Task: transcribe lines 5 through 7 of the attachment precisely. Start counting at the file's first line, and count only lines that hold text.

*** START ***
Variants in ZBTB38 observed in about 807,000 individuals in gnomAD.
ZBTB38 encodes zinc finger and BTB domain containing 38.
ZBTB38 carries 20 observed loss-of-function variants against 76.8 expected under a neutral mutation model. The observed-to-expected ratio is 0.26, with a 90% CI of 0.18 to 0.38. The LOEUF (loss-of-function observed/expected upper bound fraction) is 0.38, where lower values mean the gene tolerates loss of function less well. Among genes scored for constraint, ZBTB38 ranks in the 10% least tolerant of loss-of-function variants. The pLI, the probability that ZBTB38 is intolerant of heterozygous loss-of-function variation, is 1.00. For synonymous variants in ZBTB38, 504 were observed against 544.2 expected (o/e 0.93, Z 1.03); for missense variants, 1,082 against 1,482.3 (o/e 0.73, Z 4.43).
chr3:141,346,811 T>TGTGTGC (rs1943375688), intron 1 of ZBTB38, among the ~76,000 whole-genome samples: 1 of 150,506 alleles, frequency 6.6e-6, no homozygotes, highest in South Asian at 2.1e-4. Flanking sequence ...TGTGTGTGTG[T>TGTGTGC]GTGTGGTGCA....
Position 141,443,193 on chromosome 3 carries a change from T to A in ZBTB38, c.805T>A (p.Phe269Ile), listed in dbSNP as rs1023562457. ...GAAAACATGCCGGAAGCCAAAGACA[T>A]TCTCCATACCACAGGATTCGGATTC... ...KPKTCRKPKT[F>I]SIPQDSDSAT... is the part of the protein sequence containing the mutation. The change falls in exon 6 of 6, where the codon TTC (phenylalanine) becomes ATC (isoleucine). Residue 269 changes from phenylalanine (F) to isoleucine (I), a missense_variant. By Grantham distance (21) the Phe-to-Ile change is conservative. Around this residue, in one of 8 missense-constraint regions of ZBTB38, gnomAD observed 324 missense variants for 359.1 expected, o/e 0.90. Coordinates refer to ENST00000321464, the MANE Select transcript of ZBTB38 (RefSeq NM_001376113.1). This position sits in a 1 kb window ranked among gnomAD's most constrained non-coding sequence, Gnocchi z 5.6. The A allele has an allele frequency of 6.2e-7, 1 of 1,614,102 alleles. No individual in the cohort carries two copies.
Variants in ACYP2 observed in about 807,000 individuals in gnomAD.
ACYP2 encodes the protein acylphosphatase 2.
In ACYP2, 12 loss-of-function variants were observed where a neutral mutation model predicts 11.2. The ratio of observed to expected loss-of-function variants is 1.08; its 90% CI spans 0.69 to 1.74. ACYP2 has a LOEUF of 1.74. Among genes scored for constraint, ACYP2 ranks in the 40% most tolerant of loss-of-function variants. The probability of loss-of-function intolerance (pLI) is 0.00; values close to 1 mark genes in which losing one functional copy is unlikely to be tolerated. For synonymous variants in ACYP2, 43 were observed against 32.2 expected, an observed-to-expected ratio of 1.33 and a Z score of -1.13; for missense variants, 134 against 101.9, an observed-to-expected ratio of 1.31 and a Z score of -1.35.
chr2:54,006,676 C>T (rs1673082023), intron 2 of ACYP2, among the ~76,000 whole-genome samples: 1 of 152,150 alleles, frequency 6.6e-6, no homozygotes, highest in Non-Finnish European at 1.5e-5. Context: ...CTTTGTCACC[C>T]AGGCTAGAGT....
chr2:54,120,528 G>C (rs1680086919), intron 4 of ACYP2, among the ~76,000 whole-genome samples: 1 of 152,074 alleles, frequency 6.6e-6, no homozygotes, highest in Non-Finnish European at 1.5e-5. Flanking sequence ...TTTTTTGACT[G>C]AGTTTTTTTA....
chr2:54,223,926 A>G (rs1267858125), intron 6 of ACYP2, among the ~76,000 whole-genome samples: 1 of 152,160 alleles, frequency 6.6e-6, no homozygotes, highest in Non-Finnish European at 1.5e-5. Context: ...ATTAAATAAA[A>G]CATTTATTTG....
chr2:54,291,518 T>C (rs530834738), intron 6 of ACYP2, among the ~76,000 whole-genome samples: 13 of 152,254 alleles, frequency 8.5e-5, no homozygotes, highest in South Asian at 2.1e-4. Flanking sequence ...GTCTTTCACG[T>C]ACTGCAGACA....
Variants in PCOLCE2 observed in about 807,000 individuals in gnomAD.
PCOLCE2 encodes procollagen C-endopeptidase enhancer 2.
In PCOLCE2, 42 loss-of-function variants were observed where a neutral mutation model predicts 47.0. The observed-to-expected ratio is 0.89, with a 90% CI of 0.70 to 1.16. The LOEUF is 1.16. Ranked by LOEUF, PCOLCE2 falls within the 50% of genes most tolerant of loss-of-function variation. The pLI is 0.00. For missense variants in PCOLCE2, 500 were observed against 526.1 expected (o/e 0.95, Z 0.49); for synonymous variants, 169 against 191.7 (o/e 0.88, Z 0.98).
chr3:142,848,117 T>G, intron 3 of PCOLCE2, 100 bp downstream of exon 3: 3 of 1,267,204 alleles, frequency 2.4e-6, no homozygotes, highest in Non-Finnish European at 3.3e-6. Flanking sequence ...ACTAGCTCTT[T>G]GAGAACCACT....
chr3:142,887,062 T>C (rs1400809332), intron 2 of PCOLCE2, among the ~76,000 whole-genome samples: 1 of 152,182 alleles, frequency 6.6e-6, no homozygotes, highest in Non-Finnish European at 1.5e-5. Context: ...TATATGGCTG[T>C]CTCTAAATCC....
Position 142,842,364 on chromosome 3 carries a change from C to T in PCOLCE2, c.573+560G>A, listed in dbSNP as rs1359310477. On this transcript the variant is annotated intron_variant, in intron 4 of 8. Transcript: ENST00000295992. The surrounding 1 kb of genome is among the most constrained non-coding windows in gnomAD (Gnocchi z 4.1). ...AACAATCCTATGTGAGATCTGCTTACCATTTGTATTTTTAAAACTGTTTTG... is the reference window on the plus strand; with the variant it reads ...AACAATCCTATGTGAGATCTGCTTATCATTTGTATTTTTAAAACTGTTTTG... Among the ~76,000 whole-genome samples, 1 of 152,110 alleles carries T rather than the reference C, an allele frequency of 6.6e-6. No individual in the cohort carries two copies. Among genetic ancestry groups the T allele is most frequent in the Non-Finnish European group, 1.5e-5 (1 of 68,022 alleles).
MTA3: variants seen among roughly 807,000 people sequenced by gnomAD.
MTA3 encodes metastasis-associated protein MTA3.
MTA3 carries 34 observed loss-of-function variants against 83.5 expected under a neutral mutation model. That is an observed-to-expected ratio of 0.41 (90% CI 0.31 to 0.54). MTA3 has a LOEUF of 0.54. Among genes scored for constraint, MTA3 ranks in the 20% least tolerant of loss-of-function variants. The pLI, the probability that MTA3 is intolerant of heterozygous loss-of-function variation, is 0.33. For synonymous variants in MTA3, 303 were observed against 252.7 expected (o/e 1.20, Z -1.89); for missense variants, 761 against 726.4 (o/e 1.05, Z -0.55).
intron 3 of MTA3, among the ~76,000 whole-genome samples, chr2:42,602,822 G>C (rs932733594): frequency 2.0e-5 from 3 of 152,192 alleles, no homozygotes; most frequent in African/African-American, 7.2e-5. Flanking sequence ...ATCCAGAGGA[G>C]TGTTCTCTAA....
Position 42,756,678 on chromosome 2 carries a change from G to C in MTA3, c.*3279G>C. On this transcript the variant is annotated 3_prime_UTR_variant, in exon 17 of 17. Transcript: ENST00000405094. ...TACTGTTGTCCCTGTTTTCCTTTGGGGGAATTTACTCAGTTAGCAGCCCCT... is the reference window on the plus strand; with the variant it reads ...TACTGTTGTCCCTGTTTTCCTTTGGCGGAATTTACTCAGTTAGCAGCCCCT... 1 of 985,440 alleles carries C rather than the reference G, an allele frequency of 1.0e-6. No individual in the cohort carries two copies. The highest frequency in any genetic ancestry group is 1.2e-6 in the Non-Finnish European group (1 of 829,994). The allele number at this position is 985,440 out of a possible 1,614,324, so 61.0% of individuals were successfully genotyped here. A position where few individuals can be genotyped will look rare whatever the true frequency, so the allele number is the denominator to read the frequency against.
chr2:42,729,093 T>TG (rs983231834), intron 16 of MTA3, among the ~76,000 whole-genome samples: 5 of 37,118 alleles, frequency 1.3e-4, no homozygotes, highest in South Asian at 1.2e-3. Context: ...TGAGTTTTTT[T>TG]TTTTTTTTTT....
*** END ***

Position 141,443,193 on chromosome 3 carries a change from T to A in ZBTB38, c.805T>A (p.Phe269Ile), listed in dbSNP as rs1023562457. ...GAAAACATGCCGGAAGCCAAAGACA[T>A]TCTCCATACCACAGGATTCGGATTC... ...KPKTCRKPKT[F>I]SIPQDSDSAT... is the part of the protein sequence containing the mutation. The change falls in exon 6 of 6, where the codon TTC (phenylalanine) becomes ATC (isoleucine). Residue 269 changes from phenylalanine (F) to isoleucine (I), a missense_variant. By Grantham distance (21) the Phe-to-Ile change is conservative. Around this residue, in one of 8 missense-constraint regions of ZBTB38, gnomAD observed 324 missense variants for 359.1 expected, o/e 0.90. Coordinates refer to ENST00000321464, the MANE Select transcript of ZBTB38 (RefSeq NM_001376113.1). This position sits in a 1 kb window ranked among gnomAD's most constrained non-coding sequence, Gnocchi z 5.6. The A allele has an allele frequency of 6.2e-7, 1 of 1,614,102 alleles. No individual in the cohort carries two copies.
Variants in ACYP2 observed in about 807,000 individuals in gnomAD.
ACYP2 encodes the protein acylphosphatase 2.